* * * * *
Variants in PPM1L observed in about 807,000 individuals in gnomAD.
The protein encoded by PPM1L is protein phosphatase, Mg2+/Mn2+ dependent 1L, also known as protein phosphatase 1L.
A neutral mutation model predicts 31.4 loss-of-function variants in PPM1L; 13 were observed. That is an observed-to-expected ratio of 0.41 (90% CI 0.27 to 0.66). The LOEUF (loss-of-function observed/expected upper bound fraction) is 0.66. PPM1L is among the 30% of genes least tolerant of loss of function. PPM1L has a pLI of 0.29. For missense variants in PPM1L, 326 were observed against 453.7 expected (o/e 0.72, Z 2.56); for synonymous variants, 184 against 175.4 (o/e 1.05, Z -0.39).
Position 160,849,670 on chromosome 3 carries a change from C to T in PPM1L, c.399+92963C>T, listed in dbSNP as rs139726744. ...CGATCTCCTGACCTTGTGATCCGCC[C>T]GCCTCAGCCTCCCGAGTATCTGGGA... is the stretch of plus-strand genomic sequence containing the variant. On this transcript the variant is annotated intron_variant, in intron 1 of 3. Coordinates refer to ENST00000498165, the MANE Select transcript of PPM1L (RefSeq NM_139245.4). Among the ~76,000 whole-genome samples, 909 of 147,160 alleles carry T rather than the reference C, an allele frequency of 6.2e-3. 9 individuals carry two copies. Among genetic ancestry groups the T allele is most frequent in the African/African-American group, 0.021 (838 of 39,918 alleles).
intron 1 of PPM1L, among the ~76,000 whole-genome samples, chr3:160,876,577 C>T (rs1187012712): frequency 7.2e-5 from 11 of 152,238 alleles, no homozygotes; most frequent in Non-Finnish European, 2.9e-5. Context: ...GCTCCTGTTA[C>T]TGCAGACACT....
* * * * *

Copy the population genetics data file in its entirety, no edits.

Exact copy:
Variants in PPM1L observed in about 807,000 individuals in gnomAD.
The protein encoded by PPM1L is protein phosphatase, Mg2+/Mn2+ dependent 1L, also known as protein phosphatase 1L.
A neutral mutation model predicts 31.4 loss-of-function variants in PPM1L; 13 were observed. That is an observed-to-expected ratio of 0.41 (90% CI 0.27 to 0.66). The LOEUF (loss-of-function observed/expected upper bound fraction) is 0.66. PPM1L is among the 30% of genes least tolerant of loss of function. PPM1L has a pLI of 0.29. For missense variants in PPM1L, 326 were observed against 453.7 expected (o/e 0.72, Z 2.56); for synonymous variants, 184 against 175.4 (o/e 1.05, Z -0.39).
Position 160,849,670 on chromosome 3 carries a change from C to T in PPM1L, c.399+92963C>T, listed in dbSNP as rs139726744. ...CGATCTCCTGACCTTGTGATCCGCC[C>T]GCCTCAGCCTCCCGAGTATCTGGGA... is the stretch of plus-strand genomic sequence containing the variant. On this transcript the variant is annotated intron_variant, in intron 1 of 3. Coordinates refer to ENST00000498165, the MANE Select transcript of PPM1L (RefSeq NM_139245.4). Among the ~76,000 whole-genome samples, 909 of 147,160 alleles carry T rather than the reference C, an allele frequency of 6.2e-3. 9 individuals carry two copies. Among genetic ancestry groups the T allele is most frequent in the African/African-American group, 0.021 (838 of 39,918 alleles).
intron 1 of PPM1L, among the ~76,000 whole-genome samples, chr3:160,876,577 C>T (rs1187012712): frequency 7.2e-5 from 11 of 152,238 alleles, no homozygotes; most frequent in Non-Finnish European, 2.9e-5. Context: ...GCTCCTGTTA[C>T]TGCAGACACT....